25 September 2022 The Future is the Product of the Past

6,000-year-old Finds in Dorset Downs

In the Dorset Downs, a significant landscaping project has revealed a plethora of intriguing findings on a grand scale.

Excavations ahead of the works revealed a Roman settlement, as well as Neolithic and Bronze Age, finds. The oldest artifacts were flint tools and pottery from about 4,000 BC.

More than 25 archaeologists have unearthed convincing evidence of human activity in the region stretching back 6,000 years, barely 20 months after National Grid began work on its Dorset Visual Impact Provision (VIP) project just outside Dorchester in 2018.

By dismantling 22 pylons and replacing an 8.8km length of overhead line with subterranean cables in the villages of Winterbourne Abbas, Winterbourne Steepleton, Martinstown, and Friar Waddon, National Grid’s VIP project will enhance vistas of the Dorset Area of Outstanding Natural Beauty (AONB). It’s one of the first projects in the world to remove existing high-voltage electricity transmission infrastructure solely to enhance the landscape.

A corn drying oven was discovered among buildings at a Roman settlement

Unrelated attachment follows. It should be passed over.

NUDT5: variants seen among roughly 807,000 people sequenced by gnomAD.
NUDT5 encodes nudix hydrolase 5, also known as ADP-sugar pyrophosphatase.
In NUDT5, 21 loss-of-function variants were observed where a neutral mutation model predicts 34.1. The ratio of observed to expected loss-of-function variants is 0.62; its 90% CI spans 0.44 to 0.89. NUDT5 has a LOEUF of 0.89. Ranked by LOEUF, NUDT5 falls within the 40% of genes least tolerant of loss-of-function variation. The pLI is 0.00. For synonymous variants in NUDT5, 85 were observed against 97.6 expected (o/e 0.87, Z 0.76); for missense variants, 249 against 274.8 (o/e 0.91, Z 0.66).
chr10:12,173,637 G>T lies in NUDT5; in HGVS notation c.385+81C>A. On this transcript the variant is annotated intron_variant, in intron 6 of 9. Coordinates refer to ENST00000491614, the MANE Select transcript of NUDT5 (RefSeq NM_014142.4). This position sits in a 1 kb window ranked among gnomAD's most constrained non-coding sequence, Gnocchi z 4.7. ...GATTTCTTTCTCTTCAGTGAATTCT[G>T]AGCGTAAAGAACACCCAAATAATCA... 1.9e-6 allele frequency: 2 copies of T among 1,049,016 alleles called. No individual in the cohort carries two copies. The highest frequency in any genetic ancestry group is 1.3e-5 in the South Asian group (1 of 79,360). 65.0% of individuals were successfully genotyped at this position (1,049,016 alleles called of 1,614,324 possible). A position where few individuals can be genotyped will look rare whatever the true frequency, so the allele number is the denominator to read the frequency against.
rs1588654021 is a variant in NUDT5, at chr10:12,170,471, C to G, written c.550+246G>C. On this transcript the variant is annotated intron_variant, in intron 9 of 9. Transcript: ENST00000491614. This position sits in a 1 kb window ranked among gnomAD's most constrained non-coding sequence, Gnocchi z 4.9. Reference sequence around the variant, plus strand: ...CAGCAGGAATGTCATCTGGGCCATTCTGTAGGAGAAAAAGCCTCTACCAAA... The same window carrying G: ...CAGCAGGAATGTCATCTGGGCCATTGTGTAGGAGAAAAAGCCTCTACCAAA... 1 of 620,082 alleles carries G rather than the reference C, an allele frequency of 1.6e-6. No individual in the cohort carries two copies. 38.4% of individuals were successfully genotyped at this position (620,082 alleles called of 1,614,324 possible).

A corn drying oven was discovered among buildings at a Roman settlement. Photo: OXFORD ARCHAEOLOGY

Work concluded last month and initial results are being revealed in a series of webinars hosted by the National Grid.

At one of the sites, they discovered eight late Roman eight stone buildings, as well as a corn dryer, two enormous malting ovens, and  several millstones that would have required livestock, water, or slave labor to operate.

A bone textile comb
A bone textile comb, thought to be from the Iron Age, was found in the settlement. Photo: OXFORD ARCHAEOLOGY

Archaeologists also found 34 burials accompanied by Iron Age pottery, suggesting the site was occupied for about 500 years.

The investigations, which involved Historic England, the Dorset AONB Partnership and the Dorset county archaeologist, also revealed a cremation cemetery, believed to be Bronze Age, and 11 barrows – or burial mounds.

Oxford Archaeology senior project manager John Boothroyd said, although the archaeological potential of the sites had been assessed during pre-construction works, “it didn’t stop the scale of the archaeological remains identified far exceeding our expectations”.

human burials
Initial trial trenches revealed seven human burials from the mid-sixth century. Photo: OXFORD ARCHAEOLOGY

Analysing and recording the thousands of finds is expected to take up to two years.

National Grid lead project manager Paul Hamnett said: “The scale of the archaeology work is incredible. This is a scheme designed to enhance the landscape and enrich local experience. We are looking forward to sharing what we’ve discovered.”

The Dorset Visual Impact Provision project involves the removal of 22 pylons from the area which is designated as a landscape of national importance.

Dorset AONB is the fifth largest in the UK. It stretches from Lyme Regis to Poole Harbour and inland to Blandford.

Cover Photo: NATIONAL GRID

Source: Dorsetecho

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